Use this URL to cite or link to this record in EThOS: http://ethos.bl.uk/OrderDetails.do?uin=uk.bl.ethos.413102
Title: Increasing the UK household recycling rate : current applied approaches
Author: Woodard, Ryan.
Awarding Body: University of Brighton
Current Institution: University of Brighton
Date of Award: 2004
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Abstract:
National and European legislation dictates that the UK must move towards a more integrated system for managing its waste. An important part of this shift is the diversion of biodegradable municipal waste from landfill disposal and increasing the household waste recycling rate. As local authorities throughout the UK strive to meet challenging statutory recycling targets and the demands of the Landfill Directive, waste managers are revising their existing strategies and implementing new schemes. The aim of this thesis is to investigate the practical approaches that can be used by waste managers to assist the UK in increasing its levels of recycling. In part 1 of the thesis, three practical approaches available to local authorities for increasing their household recycling rate are explored and compared. Research investigates the possible role of diverting recyclable and compostable materials direct from the landfill tip face, however the results show that the waste being delivered is largely heterogeneous therefore making it difficult to efficiently segregate materials. The second approach explored is Household Waste Recycling Centres, and the results show that whilst these facilities have an important role to play there are a number of barriers such as poor management, insufficient staffing levels, site layout and the sheer volume of site users that prevent these sites from operating to their full potential. The third approach is kerbside recycling - three kerbside schemes were surveyed and the results show much variation in performance due to different collection frequency, supply of containers, level of waste awareness promotion, demographics of the population served and the range of materials collected. The results from investigating these three different approaches provide new and useful data in an area that is poorly understood and under researched. This data is in its own right a significant contribution to knowledge. From analysing these schemes it was evident that a number of issues influenced how a recycling system performed. Further work is presented in which these issues were extracted and used to devise a list of ten good practice recommendations that should be considered by waste managers when developing a household waste recycling system. A recycling scheme was then developed and implemented based upon the recommendations. The scheme achieved high levels of recycling and diverted large quantities of biodegradable waste from disposal at landfill. The scheme also led to increased levels of participation, however, the results showed that over time participation began to reduce and that residents started to placed excess waste out for collection. The research therefore highlights the importance of constant education and interaction with residents.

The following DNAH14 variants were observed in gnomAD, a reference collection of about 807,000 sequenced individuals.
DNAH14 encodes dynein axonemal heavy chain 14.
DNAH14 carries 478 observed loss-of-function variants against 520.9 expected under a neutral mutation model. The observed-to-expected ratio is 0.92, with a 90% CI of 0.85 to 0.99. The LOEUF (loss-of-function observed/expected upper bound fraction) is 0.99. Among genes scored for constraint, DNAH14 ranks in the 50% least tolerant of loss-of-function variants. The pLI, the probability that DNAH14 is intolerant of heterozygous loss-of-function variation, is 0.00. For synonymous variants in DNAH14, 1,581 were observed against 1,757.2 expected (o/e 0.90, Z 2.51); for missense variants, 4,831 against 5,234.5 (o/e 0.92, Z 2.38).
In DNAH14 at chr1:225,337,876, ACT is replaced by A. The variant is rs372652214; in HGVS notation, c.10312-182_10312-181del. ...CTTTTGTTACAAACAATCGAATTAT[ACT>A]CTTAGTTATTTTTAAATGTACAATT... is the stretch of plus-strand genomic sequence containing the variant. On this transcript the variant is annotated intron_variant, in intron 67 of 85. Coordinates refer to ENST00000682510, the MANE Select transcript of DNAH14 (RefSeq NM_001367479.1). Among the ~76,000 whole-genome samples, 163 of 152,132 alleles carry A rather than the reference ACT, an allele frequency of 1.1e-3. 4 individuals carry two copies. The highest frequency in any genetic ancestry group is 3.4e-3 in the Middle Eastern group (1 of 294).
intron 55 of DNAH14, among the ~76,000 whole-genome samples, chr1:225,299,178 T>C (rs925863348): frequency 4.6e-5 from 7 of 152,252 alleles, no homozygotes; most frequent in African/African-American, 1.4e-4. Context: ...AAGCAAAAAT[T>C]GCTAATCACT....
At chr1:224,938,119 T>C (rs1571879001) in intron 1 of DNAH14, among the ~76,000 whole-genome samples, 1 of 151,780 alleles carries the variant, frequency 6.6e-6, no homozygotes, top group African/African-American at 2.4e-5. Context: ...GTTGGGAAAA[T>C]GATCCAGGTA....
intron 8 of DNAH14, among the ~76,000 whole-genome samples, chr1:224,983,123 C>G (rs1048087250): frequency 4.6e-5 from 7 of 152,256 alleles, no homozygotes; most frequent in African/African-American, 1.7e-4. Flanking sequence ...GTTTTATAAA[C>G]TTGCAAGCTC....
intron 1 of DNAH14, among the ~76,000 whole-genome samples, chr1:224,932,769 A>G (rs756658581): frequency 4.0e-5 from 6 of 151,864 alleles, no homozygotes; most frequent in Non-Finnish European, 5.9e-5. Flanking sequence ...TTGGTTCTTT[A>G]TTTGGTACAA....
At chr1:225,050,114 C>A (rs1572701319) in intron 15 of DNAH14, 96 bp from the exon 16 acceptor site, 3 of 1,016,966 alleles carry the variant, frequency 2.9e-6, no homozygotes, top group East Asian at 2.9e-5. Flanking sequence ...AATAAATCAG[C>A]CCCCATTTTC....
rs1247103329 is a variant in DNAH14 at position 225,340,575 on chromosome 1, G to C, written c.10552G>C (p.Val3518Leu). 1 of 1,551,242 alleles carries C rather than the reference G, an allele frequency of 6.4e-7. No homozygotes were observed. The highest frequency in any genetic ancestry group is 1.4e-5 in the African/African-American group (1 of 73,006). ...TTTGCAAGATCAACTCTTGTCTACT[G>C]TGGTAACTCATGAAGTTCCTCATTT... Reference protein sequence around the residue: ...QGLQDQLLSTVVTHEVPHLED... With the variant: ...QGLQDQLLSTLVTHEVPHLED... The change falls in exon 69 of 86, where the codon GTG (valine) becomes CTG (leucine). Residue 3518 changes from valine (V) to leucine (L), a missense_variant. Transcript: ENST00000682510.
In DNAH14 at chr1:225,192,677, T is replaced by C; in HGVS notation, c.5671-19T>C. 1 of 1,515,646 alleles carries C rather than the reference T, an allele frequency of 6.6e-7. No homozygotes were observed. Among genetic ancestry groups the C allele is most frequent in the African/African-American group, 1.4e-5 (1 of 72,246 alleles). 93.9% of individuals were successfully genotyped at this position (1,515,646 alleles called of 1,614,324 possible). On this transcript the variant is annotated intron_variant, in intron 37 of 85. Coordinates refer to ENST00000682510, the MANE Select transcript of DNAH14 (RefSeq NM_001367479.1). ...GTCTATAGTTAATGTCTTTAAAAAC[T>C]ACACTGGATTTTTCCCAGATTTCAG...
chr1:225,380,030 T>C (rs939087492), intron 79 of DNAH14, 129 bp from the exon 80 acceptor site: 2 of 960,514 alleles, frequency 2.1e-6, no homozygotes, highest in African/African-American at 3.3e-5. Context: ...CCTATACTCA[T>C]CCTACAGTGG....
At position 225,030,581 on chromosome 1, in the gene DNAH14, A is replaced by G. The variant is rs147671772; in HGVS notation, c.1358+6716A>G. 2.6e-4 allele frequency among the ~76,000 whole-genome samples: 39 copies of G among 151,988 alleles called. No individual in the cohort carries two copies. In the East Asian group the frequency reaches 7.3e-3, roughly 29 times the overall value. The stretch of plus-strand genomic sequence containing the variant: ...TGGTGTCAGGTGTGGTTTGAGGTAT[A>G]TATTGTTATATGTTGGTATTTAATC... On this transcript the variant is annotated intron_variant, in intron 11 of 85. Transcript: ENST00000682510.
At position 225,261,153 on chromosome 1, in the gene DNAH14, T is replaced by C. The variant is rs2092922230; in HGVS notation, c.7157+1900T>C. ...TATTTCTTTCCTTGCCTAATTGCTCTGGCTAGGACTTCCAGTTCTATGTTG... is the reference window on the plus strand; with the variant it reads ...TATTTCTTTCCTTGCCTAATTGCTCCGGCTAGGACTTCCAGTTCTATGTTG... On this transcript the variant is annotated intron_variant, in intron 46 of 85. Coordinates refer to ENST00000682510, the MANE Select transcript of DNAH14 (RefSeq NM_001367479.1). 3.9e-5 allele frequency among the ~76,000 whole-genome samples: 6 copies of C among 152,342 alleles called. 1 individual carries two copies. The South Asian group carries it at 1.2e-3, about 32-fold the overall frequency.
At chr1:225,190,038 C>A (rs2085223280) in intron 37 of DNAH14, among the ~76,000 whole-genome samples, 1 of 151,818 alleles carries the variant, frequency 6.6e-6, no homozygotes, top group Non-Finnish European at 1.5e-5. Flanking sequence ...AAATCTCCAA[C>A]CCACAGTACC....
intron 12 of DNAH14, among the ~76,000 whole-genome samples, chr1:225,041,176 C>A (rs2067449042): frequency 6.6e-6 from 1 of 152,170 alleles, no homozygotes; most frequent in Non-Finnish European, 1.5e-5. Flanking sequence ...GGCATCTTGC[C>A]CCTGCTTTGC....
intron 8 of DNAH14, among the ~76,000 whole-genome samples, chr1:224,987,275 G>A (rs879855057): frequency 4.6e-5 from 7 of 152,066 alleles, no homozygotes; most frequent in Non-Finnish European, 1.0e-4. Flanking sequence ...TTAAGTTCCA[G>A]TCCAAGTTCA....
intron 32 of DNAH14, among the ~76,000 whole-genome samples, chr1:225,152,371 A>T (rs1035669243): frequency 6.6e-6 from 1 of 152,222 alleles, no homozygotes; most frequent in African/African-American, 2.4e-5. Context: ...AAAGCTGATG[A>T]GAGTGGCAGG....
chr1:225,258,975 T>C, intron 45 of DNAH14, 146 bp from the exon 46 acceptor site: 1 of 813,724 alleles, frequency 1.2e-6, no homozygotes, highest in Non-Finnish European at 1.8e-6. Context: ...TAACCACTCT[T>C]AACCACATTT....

Supervisor: Not available Sponsor: Not available
Qualification Name: Thesis (Ph.D.) Qualification Level: Doctoral
EThOS ID: uk.bl.ethos.413102  DOI: Not available
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